Tuesday, September 29, 2009

A Prayer for Yom Kippur

Today is Yom Kippur, the Day of Atonement, the holiest day in the Jewish calendar. On this day, in ancient Israel, the high priest, dressed in simple white clothing and without his usual priestly finery, entered into the Holy of Holies and spoke the Ineffable Name of God, sprinkling blood upon the Mercy Seat, where the presence of God dwelt. In doing so, he made atonement for all of Israel, for the tabernacle, and for the world. He restored a right relationship with God, bringing together those who had been estranged through the blood of sacrifice.

Today, in synagogues throughout the world, Jews gather together before the Lord and recite the Kol Nidre prayer:

All solemn vows, all promises of abstinence and formulas of prohibition, and declarations of austerity, and oaths which bear a name of God, whatever we might have sworn and then forgotten, whatever earnest, well-intentioned vows we might have taken up but not upheld, whatever punishment or harm we might unwittingly have called down on ourselves, from the last Day of Atonement to this Day of Atonement, from all of them, we now request release: Let their burden be dissolved, and lifted off, and canceled, and made null and void, bearing no force and no reality.

They pray for forgiveness for thing they have done, and things they have left undone, for vows not kept, for harms inflicted, for rebellion and dissension, for failures to serve God as they ought to have done.

And today, I pray with them. For forgiveness for my rebellions, for my lack of understanding, for the oaths made in the name of God that I have not kept perfectly, for my failures and fallen-ness and fractious temperament, for the times I have not looked to the Lord as I should have. I pray for release for the punishment or harm I may have unwittingly called down upon myself or my loved ones. I pray for a release from burdens large and small, and for the strength to bear up the burdens that the Lord sees fit not to remove just yet. I pray for the ability to bear the burdens of others, and so in some small way to follow the Savior, who promised to make our burdens light.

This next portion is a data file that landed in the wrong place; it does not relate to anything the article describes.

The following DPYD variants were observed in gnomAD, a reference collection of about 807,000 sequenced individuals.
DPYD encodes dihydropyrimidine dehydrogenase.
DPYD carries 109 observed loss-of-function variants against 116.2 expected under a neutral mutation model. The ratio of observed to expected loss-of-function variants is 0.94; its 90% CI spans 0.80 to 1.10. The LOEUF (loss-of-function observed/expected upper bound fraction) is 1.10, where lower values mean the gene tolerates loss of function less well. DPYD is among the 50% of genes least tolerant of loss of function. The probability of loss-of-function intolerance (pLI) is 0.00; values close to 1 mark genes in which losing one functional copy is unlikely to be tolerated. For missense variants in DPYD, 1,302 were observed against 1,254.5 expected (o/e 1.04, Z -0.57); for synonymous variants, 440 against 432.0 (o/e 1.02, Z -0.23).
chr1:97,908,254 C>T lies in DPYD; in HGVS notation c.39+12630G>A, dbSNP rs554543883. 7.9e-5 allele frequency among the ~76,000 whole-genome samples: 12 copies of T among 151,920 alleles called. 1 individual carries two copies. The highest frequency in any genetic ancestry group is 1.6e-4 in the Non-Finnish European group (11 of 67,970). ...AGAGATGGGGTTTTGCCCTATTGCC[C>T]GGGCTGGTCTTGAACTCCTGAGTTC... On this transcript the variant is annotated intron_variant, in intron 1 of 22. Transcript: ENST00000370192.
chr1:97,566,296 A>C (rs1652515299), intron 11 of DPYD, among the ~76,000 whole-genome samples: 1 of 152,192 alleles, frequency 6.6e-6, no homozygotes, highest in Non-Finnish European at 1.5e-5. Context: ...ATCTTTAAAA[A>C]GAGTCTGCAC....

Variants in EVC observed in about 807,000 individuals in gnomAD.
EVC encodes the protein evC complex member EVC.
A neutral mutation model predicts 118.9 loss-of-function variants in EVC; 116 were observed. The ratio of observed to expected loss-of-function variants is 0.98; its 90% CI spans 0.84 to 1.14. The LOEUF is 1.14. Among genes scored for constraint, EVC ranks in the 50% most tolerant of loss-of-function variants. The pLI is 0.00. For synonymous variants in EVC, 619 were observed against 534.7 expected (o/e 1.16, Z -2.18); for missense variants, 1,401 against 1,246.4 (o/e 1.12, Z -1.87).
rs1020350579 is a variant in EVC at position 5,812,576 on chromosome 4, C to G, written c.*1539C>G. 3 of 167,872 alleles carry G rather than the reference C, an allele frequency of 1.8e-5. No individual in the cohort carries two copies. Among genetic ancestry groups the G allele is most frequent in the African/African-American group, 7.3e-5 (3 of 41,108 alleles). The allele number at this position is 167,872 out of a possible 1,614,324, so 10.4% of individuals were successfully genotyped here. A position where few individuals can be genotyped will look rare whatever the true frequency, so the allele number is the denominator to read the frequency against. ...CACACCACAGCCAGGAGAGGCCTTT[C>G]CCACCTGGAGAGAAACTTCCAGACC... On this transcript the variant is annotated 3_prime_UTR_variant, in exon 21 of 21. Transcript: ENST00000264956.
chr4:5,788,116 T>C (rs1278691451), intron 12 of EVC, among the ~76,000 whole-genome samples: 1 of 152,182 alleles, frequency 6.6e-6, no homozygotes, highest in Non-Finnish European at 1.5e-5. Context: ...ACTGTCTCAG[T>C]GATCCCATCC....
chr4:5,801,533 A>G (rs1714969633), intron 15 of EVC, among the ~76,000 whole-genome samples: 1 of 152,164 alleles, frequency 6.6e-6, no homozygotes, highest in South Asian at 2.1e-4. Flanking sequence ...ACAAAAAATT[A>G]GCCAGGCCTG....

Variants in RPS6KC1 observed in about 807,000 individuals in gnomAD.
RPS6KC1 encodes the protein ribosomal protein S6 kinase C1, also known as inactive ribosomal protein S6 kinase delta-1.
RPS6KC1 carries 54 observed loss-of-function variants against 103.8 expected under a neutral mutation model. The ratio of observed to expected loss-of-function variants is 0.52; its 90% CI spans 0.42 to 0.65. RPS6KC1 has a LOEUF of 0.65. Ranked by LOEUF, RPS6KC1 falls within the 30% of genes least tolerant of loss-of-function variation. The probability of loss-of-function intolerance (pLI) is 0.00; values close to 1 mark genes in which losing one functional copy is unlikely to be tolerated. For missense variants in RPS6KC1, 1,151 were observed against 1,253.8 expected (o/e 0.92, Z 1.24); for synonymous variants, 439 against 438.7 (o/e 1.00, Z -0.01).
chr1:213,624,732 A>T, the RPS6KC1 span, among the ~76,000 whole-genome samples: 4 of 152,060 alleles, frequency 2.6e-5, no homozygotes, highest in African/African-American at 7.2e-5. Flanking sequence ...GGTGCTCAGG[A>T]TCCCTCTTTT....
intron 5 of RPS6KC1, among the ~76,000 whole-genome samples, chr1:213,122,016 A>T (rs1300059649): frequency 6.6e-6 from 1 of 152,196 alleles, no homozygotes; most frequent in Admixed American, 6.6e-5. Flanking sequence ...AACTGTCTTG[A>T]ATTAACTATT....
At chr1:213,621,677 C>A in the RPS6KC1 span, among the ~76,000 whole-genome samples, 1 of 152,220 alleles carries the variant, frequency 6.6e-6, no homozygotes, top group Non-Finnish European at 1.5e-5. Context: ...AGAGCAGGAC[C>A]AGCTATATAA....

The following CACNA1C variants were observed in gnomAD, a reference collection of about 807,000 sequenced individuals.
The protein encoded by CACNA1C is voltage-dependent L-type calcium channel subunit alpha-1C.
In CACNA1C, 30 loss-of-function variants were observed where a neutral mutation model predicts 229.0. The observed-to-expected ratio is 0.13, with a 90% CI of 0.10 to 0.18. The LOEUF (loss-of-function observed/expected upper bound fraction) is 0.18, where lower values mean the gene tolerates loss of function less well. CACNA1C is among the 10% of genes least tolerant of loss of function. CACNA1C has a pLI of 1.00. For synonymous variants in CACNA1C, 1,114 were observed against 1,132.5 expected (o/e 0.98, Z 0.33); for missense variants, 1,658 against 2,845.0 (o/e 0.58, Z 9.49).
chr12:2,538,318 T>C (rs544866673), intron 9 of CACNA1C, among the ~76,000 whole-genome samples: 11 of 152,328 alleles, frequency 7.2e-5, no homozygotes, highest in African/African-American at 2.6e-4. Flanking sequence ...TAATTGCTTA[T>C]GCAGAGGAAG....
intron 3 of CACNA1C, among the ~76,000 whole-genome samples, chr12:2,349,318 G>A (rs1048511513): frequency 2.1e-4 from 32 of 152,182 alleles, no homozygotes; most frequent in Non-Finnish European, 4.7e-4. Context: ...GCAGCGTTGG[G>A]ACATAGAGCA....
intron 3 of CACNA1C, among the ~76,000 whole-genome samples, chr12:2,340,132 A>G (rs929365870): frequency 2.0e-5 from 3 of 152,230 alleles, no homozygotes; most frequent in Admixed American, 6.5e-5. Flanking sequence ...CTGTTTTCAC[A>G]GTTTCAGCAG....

I pray for renewed strength to follow the Master. I pray for greater understanding of His purposes, and for his aid in closing the gap between what I know and how I act. I pray that the blood of my Savior, the great and last sacrifice, might heal my broken heart, might grant me release, might mediate between me and the judgments of God, so that I might also part the veil and enter the presence of God, and stand clean before Him.

On this ancient holy day of atonement, my prayer—and my testimony—is centered on the redeeming power of the Atonement of Jesus Christ. I know that if we look to Him in faith, He WILL wipe away the tears from off all faces, swallow up death in victory, heal the wounded heart and transform the life in shambles, if only we will see His grace more than we fear Him. I pray that when I meet Him and prostrate myself at His feet, He will lift me to Him and hold my face in His wounded hands--those hands that created the universe, healed the sick, raised the dead, and carried a cross--and wipe away the tears from my eyes, and heal my broken heart. And then, I pray that my Savior will embrace me, and call me His own, and lead me by the hand back into the presence of my God. That is a day I would give anything to see.

Picture from http://judaica-art.com/images/

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